(CBSDFW.COM/CNN) — Cristobal strengthened into a tropical storm on Friday as it approaches the U.S. Gulf Coast, the National Hurricane Center said.
The storm, the third named system of an already active hurricane season, had maximum sustained winds of 40 mph.READ MORE: Governor Abbott Proposes Parental Bill of Rights As Part of Re-Election Campaign
Tropical storm and storm surge watches have been issued for parts of the U.S. Gulf Coast as Tropical Storm Cristobal threatens make landfall along the Louisiana coast this weekend.
The latest forecast track has Cristobal moving ashore across the Gulf Coast as soon as Sunday afternoon.
Tropical-storm-force winds are expected to reach the US Gulf Coast between Texas and Florida as early as Saturday night, according to NHC forecasts. The storm’s strength and where it might hit are likely to become clearer by Saturday morning.
“The highest winds, greatest storm surge and heaviest rain may occur east of where Cristobal makes landfall, so not only is the Louisiana coast at risk but also Mississippi, Alabama and well into the Florida Panhandle,” CNN meteorologist Dave Hennen said.
“It looks like flooding will be the greatest threat from the storm and could occur over a wide area from Texas to Florida,” he added. “It could produce widespread heavy rain associated directly from the storm and from a lot of tropical moisture that is already funneling into places like Florida.”
As of 2 p.m. ET Friday, Cristobal had winds of 35 mph and gusts of 45 mph and was moving to the north at 12 mph as it begins to move off Mexico’s Yucatan Peninsula.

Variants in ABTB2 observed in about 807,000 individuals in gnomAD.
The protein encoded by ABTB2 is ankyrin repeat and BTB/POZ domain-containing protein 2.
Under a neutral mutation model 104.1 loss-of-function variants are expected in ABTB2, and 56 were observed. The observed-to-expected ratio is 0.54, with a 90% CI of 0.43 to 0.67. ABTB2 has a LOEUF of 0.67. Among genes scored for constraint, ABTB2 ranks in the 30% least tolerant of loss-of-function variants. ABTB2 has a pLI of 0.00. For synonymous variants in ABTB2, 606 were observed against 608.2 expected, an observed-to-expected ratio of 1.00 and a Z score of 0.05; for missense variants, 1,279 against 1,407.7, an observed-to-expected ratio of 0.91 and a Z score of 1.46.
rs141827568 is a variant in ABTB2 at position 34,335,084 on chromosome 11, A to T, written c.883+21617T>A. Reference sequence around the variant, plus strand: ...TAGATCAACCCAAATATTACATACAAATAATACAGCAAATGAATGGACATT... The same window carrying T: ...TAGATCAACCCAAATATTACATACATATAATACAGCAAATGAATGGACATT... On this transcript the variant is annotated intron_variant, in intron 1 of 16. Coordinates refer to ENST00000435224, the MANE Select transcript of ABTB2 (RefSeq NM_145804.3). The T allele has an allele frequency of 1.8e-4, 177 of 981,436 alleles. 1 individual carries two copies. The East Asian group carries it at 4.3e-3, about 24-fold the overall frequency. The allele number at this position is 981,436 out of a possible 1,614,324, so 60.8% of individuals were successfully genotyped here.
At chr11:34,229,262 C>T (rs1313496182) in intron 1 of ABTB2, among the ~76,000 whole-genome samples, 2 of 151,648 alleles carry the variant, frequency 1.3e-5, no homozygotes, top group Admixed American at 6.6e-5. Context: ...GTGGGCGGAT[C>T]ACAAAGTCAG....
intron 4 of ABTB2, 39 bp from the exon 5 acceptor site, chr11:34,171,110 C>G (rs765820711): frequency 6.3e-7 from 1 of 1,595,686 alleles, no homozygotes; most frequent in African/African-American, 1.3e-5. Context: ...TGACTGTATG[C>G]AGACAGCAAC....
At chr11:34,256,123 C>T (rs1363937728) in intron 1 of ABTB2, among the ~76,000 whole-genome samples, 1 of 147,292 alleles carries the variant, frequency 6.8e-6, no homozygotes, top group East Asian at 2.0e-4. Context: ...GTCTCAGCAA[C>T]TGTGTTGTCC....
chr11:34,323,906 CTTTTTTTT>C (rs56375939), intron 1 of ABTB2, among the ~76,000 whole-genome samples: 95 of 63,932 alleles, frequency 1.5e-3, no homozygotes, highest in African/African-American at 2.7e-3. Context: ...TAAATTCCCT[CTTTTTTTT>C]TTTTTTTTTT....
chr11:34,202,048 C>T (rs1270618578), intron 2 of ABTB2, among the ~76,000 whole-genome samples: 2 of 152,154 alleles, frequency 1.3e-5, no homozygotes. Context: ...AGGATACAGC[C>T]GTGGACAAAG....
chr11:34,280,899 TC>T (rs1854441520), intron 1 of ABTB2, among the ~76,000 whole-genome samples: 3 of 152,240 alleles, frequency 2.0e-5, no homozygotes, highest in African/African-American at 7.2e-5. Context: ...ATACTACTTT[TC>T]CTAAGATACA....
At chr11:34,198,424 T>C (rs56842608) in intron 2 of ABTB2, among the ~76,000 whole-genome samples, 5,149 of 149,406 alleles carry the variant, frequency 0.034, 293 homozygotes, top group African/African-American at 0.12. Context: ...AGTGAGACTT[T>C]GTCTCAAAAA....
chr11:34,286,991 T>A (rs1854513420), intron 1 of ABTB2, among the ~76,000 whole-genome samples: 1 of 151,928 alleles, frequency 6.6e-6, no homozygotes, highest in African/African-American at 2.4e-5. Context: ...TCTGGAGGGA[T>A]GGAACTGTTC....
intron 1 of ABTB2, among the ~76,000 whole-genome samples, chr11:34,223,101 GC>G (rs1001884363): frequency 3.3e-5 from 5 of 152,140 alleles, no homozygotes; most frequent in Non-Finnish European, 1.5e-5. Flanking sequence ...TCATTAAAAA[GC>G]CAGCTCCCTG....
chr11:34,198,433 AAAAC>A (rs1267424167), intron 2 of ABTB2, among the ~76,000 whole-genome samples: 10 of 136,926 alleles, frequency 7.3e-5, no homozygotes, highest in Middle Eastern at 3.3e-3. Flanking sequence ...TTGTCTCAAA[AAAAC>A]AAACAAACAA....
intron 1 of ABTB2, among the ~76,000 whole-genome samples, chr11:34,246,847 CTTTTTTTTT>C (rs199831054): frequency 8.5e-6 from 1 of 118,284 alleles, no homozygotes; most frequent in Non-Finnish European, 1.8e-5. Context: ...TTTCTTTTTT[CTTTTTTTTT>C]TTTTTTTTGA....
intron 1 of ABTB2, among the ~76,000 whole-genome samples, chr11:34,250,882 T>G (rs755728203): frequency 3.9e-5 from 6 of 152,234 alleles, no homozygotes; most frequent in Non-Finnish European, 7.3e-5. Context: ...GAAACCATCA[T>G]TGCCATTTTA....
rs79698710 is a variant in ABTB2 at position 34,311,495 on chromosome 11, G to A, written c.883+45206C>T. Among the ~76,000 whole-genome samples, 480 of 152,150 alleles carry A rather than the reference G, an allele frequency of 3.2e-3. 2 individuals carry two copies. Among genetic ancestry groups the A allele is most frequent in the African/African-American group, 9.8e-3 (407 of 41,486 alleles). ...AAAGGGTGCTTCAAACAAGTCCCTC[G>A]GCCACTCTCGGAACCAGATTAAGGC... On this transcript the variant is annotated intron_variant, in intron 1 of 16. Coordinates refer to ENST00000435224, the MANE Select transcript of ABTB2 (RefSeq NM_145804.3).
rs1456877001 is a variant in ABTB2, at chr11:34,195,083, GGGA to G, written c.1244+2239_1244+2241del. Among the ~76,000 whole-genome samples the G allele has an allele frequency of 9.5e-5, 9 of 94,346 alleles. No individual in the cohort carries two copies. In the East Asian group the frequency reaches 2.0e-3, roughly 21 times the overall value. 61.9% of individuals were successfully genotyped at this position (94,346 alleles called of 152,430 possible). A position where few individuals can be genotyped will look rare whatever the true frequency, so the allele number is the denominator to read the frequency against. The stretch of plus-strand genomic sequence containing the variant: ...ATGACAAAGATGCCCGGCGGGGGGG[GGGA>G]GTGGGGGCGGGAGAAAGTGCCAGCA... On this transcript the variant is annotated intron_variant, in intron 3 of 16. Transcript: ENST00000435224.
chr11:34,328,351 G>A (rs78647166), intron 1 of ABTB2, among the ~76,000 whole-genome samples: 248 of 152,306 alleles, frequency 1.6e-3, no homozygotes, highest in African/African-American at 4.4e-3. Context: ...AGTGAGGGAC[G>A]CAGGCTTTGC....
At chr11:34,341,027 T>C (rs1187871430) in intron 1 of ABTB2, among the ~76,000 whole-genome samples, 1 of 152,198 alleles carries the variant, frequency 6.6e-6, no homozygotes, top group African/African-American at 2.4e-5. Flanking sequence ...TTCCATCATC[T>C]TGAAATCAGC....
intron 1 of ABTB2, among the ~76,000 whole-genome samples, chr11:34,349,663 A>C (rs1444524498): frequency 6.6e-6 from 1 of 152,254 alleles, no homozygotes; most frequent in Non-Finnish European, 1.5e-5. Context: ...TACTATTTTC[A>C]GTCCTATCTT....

“This situation is different from other types of storms we’ve dealt with in the past because this is the first one that I’m aware of where we had to deal with a storm while at the same time deal with a pandemic,” Abbott said during a news conference Friday.
A tropical storm watch was issued for the northern Gulf of Mexico coast from Intracoastal City, Louisiana, to the Alabama-Florida border, including New Orleans, Lake Pontchartrain and Lake Maurepas. A tropical storm watch means conditions including strong winds and heavy rainfall are possible within the watch area, generally within 48 hours, according to the National Hurricane Center.
A storm surge watch was issued for the northern Gulf of Mexico coast from Indian Pass to Aripeka, Florida, and from Grand Isle, Louisiana, to Ocean Springs, Mississippi, including Lake Borgne. A storm surge watch means there is a possibility of life-threatening inundation from rising water moving inland from the coastline in the indicated locations during the next 48 hours.READ MORE: Texas Attorney General Ken Paxton Refuses To Hand Over January 6 Records
Flood risk would drop if storm speeds up
Cristobal had weakened into a tropical depression but gradually regained strength back to become a tropical storm.
“If the center can maintain some structure, then it will allow the storm to quickly strengthen once it reemerges into the Gulf of Mexico this weekend,” CNN meteorologist Brandon Miller said earlier on Friday.
A storm that’s more intact will have a better chance of intensifying, or maintaining its strength, than a weak and ragged one.
But even then, more factors play into the intensity.
“There appears to be some limiting factors in advance of the storm to keep it from intensifying into a hurricane, with wind shear and expected dry air that the storm will entrain,” Hennen said, explaining why he’s skeptical the storm will strengthen significantly.
If the storm picks up speed and doesn’t linger along the US coast, the flooding risk will drop.
A tropical storm watch also is in place Friday for parts of the Yucatan Peninsula.
Cristobal already has produced deadly flooding in Mexico. Portions of Mexico, Guatemala and El Salvador could get another 10 to 15 inches of rain through Friday, bringing the rain total since Saturday to near 35 inches.
The rainfall will continue to bring dangerous flash flooding and mudslides to the region. As the storm pulls away from the Mexican coast, the rain will subside.MORE NEWS: Dallas ISD: A Lot Involved In Keeping Doors Open During COVID-19 Surge
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